Memories of parenting practices are associated with psychopathy in juvenile male offenders

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Abstract

Despite the large body of research documenting parenting practices as risk factors for the development of child and adolescent disruptive behaviour, the association with psychopathy is notably less known. The goal was to examine, in 75 institutionalized juvenile male offenders, the association between self-reported memories of parenting practices during childhood (Alabama Parenting Questionnaire) and psychopathy (Psychopathy Checklist: Youth Version). Results showed that ineffective parenting practices as inconsistent discipline and poor monitoring/supervision were significantly associated with increased levels of psychopathic traits. Interestingly, only two of the four facets of the construct, lifestyle and antisocial, were associated with these parenting behaviours. Findings highlight the importance of considering parenting practices in the study of the early development of psychopathy and suggest that the facets could be rooted in distinct underlying etiologic-dispositional factors with differentiated developmental pathways and different psychosocial correlates. The study lends support to the multidimensional approach of psychopathy as a syndrome. © 2014 © 2014 Taylor & Francis.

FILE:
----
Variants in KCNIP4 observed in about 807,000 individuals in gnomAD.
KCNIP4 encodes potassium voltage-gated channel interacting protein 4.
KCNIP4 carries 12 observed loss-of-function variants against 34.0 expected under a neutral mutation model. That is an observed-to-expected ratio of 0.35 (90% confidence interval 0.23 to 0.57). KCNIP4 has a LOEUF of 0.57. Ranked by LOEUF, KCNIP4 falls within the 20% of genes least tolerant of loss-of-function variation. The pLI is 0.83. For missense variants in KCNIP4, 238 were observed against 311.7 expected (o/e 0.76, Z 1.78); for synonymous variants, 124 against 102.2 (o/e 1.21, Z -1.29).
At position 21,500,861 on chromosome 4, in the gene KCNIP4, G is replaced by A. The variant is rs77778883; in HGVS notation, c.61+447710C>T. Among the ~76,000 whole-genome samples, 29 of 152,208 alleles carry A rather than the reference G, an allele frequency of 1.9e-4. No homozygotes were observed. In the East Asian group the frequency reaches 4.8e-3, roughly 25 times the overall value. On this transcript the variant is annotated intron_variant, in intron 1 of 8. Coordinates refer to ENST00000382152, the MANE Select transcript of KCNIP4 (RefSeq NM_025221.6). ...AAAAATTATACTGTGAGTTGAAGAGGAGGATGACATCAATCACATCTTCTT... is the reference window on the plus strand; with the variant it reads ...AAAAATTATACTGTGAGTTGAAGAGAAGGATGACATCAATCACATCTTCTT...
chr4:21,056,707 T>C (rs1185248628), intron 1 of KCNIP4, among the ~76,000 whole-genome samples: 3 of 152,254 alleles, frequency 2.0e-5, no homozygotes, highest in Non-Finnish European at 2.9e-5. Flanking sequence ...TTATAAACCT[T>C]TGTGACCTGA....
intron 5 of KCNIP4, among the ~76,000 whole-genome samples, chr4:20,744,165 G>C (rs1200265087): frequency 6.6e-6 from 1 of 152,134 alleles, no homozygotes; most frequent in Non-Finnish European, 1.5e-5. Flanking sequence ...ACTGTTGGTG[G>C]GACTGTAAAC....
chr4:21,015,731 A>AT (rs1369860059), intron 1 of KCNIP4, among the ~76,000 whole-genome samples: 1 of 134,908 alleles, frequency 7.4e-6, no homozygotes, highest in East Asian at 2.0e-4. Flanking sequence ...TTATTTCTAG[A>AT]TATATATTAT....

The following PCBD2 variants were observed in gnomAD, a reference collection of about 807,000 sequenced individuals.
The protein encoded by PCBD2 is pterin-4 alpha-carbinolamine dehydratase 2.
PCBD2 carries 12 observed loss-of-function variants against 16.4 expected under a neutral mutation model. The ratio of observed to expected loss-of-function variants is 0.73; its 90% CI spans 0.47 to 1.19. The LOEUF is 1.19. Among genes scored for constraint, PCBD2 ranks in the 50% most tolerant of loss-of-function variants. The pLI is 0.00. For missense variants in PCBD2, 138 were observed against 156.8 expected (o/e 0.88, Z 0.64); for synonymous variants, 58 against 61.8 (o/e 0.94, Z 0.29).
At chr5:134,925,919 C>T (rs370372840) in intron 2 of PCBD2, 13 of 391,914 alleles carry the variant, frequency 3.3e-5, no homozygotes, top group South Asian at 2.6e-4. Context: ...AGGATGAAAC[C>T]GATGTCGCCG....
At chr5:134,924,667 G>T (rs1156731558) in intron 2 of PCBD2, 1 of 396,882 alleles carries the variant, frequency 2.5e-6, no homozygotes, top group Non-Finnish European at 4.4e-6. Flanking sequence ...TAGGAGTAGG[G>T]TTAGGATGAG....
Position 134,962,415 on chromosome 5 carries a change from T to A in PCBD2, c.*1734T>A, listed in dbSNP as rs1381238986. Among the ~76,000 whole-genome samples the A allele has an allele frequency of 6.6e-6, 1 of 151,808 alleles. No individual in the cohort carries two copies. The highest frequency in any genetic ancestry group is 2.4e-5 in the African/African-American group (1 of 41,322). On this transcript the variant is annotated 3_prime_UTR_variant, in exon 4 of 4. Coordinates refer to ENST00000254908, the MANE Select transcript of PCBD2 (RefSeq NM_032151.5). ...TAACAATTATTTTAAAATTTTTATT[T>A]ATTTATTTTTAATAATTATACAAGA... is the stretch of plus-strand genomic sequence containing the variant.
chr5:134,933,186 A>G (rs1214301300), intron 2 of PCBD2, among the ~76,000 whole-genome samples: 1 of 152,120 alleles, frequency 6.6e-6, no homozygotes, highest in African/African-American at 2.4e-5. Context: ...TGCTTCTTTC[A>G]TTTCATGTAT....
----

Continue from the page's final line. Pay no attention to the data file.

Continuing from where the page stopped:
Original languageEnglish
Pages (from-to)495-500
JournalJournal of Forensic Psychiatry and Psychology
Volume25
DOIs
Publication statusPublished - 1 Jan 2014

Keywords

  • Alabama Parenting Questionnaire
  • Psychopathy Checklist: Youth Version
  • inconsistent discipline
  • juvenile offenders
  • monitoring

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